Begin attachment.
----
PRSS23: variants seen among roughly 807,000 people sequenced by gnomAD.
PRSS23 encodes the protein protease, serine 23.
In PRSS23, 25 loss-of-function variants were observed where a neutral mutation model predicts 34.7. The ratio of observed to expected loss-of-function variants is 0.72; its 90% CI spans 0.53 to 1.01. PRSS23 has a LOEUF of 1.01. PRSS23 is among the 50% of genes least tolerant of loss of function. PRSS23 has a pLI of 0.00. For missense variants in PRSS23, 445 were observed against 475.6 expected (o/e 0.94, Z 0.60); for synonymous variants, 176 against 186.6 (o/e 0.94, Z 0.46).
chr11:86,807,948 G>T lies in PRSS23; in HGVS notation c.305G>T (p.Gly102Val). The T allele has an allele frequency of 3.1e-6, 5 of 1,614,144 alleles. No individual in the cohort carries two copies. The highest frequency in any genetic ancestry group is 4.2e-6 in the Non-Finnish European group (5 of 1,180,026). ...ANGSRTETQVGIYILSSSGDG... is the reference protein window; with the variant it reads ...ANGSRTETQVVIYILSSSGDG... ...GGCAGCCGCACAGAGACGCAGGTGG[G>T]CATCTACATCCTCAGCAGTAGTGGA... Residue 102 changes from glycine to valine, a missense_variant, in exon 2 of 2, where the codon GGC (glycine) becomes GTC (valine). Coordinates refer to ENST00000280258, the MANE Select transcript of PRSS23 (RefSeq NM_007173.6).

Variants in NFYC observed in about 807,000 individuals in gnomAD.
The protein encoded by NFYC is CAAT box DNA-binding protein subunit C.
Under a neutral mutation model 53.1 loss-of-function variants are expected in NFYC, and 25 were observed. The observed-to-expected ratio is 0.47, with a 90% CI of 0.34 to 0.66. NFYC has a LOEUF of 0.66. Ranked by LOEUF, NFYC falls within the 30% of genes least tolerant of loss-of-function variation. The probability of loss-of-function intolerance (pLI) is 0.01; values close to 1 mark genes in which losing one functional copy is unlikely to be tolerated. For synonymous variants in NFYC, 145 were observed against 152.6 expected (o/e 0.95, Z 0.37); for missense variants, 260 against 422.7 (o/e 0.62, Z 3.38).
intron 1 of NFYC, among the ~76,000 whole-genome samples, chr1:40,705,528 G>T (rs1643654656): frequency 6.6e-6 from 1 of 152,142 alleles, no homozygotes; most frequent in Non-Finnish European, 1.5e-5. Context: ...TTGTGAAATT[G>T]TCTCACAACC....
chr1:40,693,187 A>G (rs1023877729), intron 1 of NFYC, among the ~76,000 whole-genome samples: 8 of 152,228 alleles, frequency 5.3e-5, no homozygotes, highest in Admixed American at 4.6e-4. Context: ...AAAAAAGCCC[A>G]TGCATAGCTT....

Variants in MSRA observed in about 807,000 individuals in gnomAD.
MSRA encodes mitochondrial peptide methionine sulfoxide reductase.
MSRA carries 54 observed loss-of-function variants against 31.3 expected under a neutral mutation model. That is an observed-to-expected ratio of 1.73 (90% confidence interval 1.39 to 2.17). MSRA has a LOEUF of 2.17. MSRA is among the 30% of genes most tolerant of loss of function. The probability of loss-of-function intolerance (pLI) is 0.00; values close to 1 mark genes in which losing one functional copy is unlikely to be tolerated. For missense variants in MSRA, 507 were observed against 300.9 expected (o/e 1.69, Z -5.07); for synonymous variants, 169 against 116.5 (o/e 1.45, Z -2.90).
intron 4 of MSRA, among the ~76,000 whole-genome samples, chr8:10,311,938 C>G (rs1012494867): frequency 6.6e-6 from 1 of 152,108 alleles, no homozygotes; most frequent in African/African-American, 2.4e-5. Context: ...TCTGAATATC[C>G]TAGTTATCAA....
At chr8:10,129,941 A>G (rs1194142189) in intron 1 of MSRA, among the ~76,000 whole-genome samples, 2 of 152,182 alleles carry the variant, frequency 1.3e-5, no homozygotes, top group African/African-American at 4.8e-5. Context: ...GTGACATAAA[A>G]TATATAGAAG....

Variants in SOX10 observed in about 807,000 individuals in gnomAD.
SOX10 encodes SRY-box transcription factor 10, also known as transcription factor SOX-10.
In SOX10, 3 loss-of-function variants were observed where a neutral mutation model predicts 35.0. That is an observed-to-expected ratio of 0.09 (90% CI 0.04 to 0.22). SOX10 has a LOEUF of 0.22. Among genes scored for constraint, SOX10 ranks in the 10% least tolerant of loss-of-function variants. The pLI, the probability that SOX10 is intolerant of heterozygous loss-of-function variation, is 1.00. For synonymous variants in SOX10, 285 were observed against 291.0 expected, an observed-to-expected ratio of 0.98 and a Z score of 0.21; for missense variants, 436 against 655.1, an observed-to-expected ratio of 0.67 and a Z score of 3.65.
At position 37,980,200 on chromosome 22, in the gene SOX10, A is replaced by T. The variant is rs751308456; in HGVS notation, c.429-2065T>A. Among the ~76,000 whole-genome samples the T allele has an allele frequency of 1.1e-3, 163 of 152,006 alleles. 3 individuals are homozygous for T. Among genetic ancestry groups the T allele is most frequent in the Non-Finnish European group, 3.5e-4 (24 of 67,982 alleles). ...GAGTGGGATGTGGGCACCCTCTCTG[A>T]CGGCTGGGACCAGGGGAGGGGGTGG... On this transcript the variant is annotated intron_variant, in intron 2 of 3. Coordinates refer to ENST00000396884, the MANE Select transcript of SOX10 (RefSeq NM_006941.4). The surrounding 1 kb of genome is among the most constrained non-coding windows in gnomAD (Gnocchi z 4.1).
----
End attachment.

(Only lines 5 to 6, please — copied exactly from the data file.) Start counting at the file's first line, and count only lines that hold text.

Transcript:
Variants in NFYC observed in about 807,000 individuals in gnomAD.
The protein encoded by NFYC is CAAT box DNA-binding protein subunit C.